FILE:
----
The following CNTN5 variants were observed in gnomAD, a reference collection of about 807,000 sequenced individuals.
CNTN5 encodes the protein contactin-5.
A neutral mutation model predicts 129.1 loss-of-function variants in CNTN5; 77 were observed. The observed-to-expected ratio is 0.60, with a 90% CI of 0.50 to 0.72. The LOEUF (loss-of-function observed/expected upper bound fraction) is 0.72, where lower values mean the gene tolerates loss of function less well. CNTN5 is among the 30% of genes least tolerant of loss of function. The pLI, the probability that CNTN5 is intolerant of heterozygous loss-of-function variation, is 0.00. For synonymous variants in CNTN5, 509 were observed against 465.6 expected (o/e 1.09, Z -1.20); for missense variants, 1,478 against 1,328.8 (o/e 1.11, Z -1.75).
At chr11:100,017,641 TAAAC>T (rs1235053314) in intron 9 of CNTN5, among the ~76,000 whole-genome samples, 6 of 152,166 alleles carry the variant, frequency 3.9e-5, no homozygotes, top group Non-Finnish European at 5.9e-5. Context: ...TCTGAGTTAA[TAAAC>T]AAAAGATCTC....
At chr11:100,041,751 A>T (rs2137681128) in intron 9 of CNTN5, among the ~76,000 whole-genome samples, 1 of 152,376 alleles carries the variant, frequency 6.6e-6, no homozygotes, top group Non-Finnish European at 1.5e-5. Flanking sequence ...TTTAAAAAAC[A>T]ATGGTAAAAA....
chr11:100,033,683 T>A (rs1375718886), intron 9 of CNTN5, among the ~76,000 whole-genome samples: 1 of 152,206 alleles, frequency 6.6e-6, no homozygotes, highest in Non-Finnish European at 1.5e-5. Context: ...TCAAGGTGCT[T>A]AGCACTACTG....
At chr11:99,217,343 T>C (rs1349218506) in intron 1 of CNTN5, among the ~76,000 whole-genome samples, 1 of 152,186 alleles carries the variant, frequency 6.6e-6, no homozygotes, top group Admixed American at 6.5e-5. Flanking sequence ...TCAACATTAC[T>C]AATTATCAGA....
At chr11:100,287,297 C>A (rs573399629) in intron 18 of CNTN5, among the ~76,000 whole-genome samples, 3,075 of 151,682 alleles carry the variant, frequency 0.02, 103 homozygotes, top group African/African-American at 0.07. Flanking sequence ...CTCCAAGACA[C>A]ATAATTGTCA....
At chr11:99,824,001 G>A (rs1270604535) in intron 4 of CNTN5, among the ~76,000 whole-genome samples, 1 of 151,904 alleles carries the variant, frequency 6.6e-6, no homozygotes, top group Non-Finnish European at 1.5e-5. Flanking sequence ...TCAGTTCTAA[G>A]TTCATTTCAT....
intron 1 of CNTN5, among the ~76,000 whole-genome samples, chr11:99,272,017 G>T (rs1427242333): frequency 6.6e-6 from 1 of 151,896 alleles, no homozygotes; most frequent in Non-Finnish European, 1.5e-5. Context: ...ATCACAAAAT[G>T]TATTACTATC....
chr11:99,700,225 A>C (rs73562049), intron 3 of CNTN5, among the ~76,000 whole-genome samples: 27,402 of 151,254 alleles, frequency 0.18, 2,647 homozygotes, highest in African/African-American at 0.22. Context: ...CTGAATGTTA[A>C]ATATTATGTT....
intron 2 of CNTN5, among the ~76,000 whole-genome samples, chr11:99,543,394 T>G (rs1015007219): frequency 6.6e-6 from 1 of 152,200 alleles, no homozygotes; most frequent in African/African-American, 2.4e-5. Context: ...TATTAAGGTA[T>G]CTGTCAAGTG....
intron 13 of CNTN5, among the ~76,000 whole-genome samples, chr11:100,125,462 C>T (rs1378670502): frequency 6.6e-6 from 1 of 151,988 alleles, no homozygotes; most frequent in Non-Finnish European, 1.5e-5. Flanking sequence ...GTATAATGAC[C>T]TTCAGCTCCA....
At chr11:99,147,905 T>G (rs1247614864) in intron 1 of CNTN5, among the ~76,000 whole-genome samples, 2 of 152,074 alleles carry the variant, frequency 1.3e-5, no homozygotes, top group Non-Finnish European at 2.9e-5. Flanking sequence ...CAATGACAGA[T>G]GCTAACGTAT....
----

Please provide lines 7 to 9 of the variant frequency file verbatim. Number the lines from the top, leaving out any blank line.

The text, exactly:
At chr11:99,217,343 T>C (rs1349218506) in intron 1 of CNTN5, among the ~76,000 whole-genome samples, 1 of 152,186 alleles carries the variant, frequency 6.6e-6, no homozygotes, top group Admixed American at 6.5e-5. Flanking sequence ...TCAACATTAC[T>C]AATTATCAGA....
At chr11:100,287,297 C>A (rs573399629) in intron 18 of CNTN5, among the ~76,000 whole-genome samples, 3,075 of 151,682 alleles carry the variant, frequency 0.02, 103 homozygotes, top group African/African-American at 0.07. Flanking sequence ...CTCCAAGACA[C>A]ATAATTGTCA....
At chr11:99,824,001 G>A (rs1270604535) in intron 4 of CNTN5, among the ~76,000 whole-genome samples, 1 of 151,904 alleles carries the variant, frequency 6.6e-6, no homozygotes, top group Non-Finnish European at 1.5e-5. Flanking sequence ...TCAGTTCTAA[G>A]TTCATTTCAT....